The except below is from HSG’s whitepaper on the Physician Network Life Cycle, published (December 2016) at AHA Health Forum (Industry White Papers & Insights).
Click here to download

In HSG’s work with Employed Physician Networks, we frequently find the same set of core challenges during the evolution of Employed Physician Networks:

• External pressures have driven physicians in the market to predominantly seek employment.
• Competition between health systems over limited physician resources has resulted in rapid acquisition, generating precipitous growth in the number of practices and providers the employed network is actively managing.
• The growth in practices and providers far outstrips the management capabilities of the existing network management infrastructure.
• Subsidies for the employed network rapidly escalate, causing senior executive and board anxiety, resulting in a deceleration of the groups growth and an insular focus on “getting the finances under control.”
• Progress for the group becomes measured by “how much are we losing” versus “how much value is the network contributing to the organization?” resulting in a day-to-day mindset that forsakes the capabilities that a group must build to generate long-term value for the health system.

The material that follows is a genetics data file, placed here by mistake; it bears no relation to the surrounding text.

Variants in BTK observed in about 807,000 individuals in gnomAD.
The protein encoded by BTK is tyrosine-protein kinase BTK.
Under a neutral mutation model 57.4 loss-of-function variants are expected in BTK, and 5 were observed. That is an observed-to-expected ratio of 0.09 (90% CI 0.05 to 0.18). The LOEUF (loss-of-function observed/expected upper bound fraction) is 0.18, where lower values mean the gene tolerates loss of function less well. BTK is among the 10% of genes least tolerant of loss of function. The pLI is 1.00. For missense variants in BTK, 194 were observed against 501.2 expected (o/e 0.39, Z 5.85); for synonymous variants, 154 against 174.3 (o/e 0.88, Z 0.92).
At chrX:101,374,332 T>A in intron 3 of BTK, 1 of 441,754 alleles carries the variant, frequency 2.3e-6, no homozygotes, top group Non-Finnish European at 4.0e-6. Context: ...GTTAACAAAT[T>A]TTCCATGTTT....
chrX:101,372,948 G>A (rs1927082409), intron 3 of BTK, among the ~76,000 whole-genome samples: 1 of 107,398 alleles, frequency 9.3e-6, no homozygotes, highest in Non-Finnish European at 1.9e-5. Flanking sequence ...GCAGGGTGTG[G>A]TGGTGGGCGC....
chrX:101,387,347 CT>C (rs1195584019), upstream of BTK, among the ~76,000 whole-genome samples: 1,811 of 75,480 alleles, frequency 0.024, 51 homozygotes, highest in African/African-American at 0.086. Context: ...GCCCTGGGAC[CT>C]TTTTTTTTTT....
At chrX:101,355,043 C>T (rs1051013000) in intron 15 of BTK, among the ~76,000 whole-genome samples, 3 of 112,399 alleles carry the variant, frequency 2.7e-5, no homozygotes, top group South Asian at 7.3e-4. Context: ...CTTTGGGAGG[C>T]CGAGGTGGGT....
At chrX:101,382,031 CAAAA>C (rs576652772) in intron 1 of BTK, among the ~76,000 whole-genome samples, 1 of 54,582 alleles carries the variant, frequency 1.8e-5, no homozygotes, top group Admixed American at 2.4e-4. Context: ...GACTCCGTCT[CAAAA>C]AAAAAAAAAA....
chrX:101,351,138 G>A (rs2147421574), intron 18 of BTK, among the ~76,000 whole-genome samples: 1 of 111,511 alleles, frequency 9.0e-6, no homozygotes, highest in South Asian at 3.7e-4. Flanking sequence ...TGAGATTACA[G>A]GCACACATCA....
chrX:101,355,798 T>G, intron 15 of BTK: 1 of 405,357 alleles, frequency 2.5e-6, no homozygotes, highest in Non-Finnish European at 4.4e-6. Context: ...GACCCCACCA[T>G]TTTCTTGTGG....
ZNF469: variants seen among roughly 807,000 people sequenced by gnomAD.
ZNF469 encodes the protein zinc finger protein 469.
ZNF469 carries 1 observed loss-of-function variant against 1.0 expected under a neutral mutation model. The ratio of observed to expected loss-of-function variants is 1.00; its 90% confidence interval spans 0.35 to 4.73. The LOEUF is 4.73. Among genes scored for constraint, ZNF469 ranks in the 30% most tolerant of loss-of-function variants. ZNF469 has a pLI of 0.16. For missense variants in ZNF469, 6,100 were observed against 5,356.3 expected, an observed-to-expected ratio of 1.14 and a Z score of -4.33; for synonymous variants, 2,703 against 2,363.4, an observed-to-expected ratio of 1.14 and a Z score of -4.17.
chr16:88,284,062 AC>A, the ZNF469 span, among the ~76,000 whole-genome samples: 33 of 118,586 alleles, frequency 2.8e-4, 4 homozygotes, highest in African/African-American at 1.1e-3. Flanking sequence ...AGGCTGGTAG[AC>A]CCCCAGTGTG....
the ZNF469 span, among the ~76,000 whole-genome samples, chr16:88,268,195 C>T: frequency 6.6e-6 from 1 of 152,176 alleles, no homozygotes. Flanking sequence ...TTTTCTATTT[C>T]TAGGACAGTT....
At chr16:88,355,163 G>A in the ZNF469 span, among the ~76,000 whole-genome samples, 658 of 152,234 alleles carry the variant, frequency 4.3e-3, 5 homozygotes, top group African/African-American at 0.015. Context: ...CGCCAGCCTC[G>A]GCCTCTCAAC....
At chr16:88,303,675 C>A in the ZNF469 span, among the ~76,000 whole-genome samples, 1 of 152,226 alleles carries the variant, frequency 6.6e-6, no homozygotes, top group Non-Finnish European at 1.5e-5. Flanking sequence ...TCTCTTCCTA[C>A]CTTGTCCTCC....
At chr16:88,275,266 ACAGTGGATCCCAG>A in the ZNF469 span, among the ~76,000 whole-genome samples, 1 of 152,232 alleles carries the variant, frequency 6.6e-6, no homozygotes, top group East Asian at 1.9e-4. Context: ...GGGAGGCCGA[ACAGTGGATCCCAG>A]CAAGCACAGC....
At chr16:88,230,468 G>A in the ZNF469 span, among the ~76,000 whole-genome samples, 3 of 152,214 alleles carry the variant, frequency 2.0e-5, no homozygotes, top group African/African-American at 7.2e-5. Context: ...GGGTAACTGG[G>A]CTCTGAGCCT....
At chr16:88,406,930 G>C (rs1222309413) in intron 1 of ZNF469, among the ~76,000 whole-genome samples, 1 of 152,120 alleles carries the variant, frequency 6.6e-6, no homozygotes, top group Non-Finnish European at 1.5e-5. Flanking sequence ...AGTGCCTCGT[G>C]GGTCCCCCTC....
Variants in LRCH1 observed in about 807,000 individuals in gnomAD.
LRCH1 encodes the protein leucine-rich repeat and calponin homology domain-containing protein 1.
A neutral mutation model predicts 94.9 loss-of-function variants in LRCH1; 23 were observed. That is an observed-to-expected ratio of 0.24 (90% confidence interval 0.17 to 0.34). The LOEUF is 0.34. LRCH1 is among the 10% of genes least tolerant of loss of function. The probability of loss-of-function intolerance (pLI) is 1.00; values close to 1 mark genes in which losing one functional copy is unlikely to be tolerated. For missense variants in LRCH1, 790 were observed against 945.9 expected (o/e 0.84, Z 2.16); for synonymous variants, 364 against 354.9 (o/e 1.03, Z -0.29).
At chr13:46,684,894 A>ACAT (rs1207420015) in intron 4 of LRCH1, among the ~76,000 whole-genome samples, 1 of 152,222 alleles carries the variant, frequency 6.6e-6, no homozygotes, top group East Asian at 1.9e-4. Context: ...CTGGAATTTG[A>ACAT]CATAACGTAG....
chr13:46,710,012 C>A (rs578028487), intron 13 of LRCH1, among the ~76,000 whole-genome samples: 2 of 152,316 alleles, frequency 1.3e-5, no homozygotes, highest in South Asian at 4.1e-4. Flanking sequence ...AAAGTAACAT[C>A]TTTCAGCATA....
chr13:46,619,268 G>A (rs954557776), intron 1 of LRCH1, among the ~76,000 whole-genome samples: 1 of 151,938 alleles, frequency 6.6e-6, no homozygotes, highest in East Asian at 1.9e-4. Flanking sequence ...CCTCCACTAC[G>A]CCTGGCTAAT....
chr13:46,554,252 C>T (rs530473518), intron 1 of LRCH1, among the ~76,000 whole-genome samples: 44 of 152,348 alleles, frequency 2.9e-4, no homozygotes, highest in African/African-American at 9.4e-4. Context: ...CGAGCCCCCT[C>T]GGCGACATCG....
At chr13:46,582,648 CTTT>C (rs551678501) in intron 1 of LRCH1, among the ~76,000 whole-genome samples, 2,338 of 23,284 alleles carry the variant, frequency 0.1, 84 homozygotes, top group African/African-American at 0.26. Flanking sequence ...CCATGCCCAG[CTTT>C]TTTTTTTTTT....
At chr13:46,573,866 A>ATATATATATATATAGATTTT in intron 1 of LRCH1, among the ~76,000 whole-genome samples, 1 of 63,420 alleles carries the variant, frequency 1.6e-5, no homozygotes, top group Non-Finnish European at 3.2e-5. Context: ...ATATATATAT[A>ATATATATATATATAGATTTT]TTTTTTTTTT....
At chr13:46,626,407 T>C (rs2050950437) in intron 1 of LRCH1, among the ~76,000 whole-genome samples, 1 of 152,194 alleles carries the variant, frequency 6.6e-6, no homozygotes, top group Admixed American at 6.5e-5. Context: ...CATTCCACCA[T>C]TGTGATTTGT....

Given the crucial role of the Employed Physician Network in executing the health system’s strategy, management executives and their teams must evolve beyond solely tackling day-to-day decisions and develop a focused, long-term plan for building the capabilities that will generate success into the future.

The HSG Physician Network Life Cycle is composed of six distinct stages through which physician networks evolve. Each of these stages has its own management challenges and corresponding initiatives that must be tackled for the group to be able to successfully move on to the next stage of maturation and performance. Management capabilities and focus must evolve over time and engagement of providers must be consistent with the needs of the network. The needs of each of these stages become foundational elements for the future operation of the network and, therefore, must be addressed to promote long-term success. The six Life Cycle stages are:

If you have questions or would like to explore how to work with the Physician Network Life Cycle to evolve your network, please contact Travis Ansel, Director, at (502) 814-1182 or

Travis Ansel

Chief Executive Officer and Managing Director, Strategy